I would have never guessed that of all things, a pom-pom maker would be the best kit of the year.  But it is because it is so simple but full of so many possibilities.  First off, this is not for little children (unless they have EXCELLENT fine motor skills).  Second, these make big pom poms, not little ones the size of sterile cotton balls. That said, I give it an A+ in total body coordination because there are moments that your child will need to be steady, pull tight, and concentrate.  Only then will he make a big fat pom pom.  My son decided that they should have eyes.  And now all of our pom poms have eyes.  Beware, you can get carried away.  I think I purchased over fifty dollars worth of yarn to make more pom poms however I could never find any yarn as great as the one that came in eeBoo's package. eeBoo really does make the finest things and hence, they make excellent gifts. 


Best Mental File Cabinet Organizer: Jeepers Peepers by Super Duper Publications
Ages: Pre-K to various grades of silly older kids

Click here for my Amazon link: The lady with the pretty hair is my sons' tutor.  She loves Jeepers Peepers and uses it in her tutoring session to boost up expressive language skills.
This game looks very silly but it is actually very serious about sharpening up language skills. (btw, just in case you are wondering, when I say language skills, I mean EVERYTHING- talking, listening, understanding what you heard, understanding what you read, reading, asking questions, answering questions- as in answering the one that was actually asked...  Wait did you just think of your own child when you read this? If you did, read then this section carefully.)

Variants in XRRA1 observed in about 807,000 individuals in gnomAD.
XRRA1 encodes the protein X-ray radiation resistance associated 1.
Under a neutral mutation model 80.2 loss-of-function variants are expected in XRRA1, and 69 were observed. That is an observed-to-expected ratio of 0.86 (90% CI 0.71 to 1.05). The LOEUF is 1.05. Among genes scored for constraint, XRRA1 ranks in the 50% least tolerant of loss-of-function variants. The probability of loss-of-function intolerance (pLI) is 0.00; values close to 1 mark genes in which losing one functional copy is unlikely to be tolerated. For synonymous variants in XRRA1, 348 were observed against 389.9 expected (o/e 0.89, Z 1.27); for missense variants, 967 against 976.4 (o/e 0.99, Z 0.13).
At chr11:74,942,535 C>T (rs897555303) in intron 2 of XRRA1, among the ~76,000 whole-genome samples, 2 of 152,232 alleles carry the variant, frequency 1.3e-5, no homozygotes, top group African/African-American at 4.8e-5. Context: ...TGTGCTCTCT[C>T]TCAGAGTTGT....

I know there are lesser-priced alternatives out there but having owned such games and being able to compare it with this game, I am telling you now, if you want to be serious about having fun and souping up those language skills, get Jeepers Peepers.  The silliness comes out in those glasses, there is no way you can look cool in them.  Everyone, adults included look like goof-balls. That said, this game can become tough on certain children like my number 1.  He can see how something relates to everything which is his gift and curse because it makes for a very messy mental file cabinet. 

If you shop, then use my exclusive coupon code:
DM57FE9C and save 15% until Dec. 20th!  Remember it's Free Ship over $20!  Yeah!

Of equal importance to the silliness of the glasses are the cue cards. Instead of using specific questions written out on a cue card, Jeepers Peepers' cue cards have pictures to symbolize the word categories of which our minds would normally use as the folders in our mental filing system. The trick is to become more and more articulate and fluent about using these categories and for some kids, this is not easy. By the way, why do I sound like I know what I'm talking about when I'm not a speech and language pathologist? Well, it's simply because Nicole Kolenda, who has taught at prestigious institutions such as Columbia and NYU, has taught me so much and was the person to plant the Jeepers Peepers idea in my head when I talked to her about expressive language.  Stay tuned to Toys Are Tools for more from Nicole as soon, I'll be talking about selfish gifting for the holidays. You are going to want to buy these selfish gifts. I promise!